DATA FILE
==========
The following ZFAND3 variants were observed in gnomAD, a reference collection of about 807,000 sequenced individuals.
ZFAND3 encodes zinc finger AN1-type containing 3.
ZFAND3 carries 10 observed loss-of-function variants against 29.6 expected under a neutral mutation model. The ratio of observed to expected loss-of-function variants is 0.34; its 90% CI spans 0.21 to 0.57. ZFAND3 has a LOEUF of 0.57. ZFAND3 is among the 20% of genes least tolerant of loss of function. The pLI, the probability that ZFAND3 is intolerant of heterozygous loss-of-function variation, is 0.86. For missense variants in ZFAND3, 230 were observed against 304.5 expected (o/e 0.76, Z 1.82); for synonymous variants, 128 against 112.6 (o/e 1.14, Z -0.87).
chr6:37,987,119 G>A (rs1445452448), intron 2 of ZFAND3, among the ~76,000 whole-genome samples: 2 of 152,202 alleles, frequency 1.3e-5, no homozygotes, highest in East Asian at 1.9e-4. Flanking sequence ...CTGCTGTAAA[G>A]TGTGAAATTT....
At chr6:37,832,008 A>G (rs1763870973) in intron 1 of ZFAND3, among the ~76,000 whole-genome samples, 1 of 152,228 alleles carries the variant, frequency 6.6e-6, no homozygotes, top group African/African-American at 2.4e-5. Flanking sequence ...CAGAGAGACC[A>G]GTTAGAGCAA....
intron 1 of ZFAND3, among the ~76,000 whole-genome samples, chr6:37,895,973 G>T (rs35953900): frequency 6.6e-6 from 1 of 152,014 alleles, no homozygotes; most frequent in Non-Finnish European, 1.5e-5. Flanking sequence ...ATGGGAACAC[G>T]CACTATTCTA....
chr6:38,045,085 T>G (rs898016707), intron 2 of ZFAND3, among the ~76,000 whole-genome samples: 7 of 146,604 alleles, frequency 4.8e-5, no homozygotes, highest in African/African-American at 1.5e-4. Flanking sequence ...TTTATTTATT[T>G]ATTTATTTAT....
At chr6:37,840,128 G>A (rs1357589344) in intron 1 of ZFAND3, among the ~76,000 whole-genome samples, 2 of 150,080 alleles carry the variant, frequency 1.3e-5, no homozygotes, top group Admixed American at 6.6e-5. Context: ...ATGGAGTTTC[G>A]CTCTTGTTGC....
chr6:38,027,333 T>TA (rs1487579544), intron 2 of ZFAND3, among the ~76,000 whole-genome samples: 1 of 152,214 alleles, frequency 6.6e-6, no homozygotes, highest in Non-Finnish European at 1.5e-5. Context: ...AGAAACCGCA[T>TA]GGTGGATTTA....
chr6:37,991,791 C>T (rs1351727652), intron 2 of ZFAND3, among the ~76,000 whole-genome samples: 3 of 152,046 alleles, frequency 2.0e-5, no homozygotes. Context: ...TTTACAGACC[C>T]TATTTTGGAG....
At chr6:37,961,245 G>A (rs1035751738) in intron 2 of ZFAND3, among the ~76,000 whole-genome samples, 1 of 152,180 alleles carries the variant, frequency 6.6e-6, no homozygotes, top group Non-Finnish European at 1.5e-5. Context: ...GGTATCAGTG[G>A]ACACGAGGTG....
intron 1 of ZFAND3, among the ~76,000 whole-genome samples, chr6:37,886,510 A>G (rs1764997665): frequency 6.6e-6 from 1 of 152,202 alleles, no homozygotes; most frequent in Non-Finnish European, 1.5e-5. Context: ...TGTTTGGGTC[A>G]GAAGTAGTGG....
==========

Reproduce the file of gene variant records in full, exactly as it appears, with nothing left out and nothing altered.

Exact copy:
The following ZFAND3 variants were observed in gnomAD, a reference collection of about 807,000 sequenced individuals.
ZFAND3 encodes zinc finger AN1-type containing 3.
ZFAND3 carries 10 observed loss-of-function variants against 29.6 expected under a neutral mutation model. The ratio of observed to expected loss-of-function variants is 0.34; its 90% CI spans 0.21 to 0.57. ZFAND3 has a LOEUF of 0.57. ZFAND3 is among the 20% of genes least tolerant of loss of function. The pLI, the probability that ZFAND3 is intolerant of heterozygous loss-of-function variation, is 0.86. For missense variants in ZFAND3, 230 were observed against 304.5 expected (o/e 0.76, Z 1.82); for synonymous variants, 128 against 112.6 (o/e 1.14, Z -0.87).
chr6:37,987,119 G>A (rs1445452448), intron 2 of ZFAND3, among the ~76,000 whole-genome samples: 2 of 152,202 alleles, frequency 1.3e-5, no homozygotes, highest in East Asian at 1.9e-4. Flanking sequence ...CTGCTGTAAA[G>A]TGTGAAATTT....
At chr6:37,832,008 A>G (rs1763870973) in intron 1 of ZFAND3, among the ~76,000 whole-genome samples, 1 of 152,228 alleles carries the variant, frequency 6.6e-6, no homozygotes, top group African/African-American at 2.4e-5. Flanking sequence ...CAGAGAGACC[A>G]GTTAGAGCAA....
intron 1 of ZFAND3, among the ~76,000 whole-genome samples, chr6:37,895,973 G>T (rs35953900): frequency 6.6e-6 from 1 of 152,014 alleles, no homozygotes; most frequent in Non-Finnish European, 1.5e-5. Flanking sequence ...ATGGGAACAC[G>T]CACTATTCTA....
chr6:38,045,085 T>G (rs898016707), intron 2 of ZFAND3, among the ~76,000 whole-genome samples: 7 of 146,604 alleles, frequency 4.8e-5, no homozygotes, highest in African/African-American at 1.5e-4. Flanking sequence ...TTTATTTATT[T>G]ATTTATTTAT....
At chr6:37,840,128 G>A (rs1357589344) in intron 1 of ZFAND3, among the ~76,000 whole-genome samples, 2 of 150,080 alleles carry the variant, frequency 1.3e-5, no homozygotes, top group Admixed American at 6.6e-5. Context: ...ATGGAGTTTC[G>A]CTCTTGTTGC....
chr6:38,027,333 T>TA (rs1487579544), intron 2 of ZFAND3, among the ~76,000 whole-genome samples: 1 of 152,214 alleles, frequency 6.6e-6, no homozygotes, highest in Non-Finnish European at 1.5e-5. Context: ...AGAAACCGCA[T>TA]GGTGGATTTA....
chr6:37,991,791 C>T (rs1351727652), intron 2 of ZFAND3, among the ~76,000 whole-genome samples: 3 of 152,046 alleles, frequency 2.0e-5, no homozygotes. Context: ...TTTACAGACC[C>T]TATTTTGGAG....
At chr6:37,961,245 G>A (rs1035751738) in intron 2 of ZFAND3, among the ~76,000 whole-genome samples, 1 of 152,180 alleles carries the variant, frequency 6.6e-6, no homozygotes, top group Non-Finnish European at 1.5e-5. Context: ...GGTATCAGTG[G>A]ACACGAGGTG....
intron 1 of ZFAND3, among the ~76,000 whole-genome samples, chr6:37,886,510 A>G (rs1764997665): frequency 6.6e-6 from 1 of 152,202 alleles, no homozygotes; most frequent in Non-Finnish European, 1.5e-5. Context: ...TGTTTGGGTC[A>G]GAAGTAGTGG....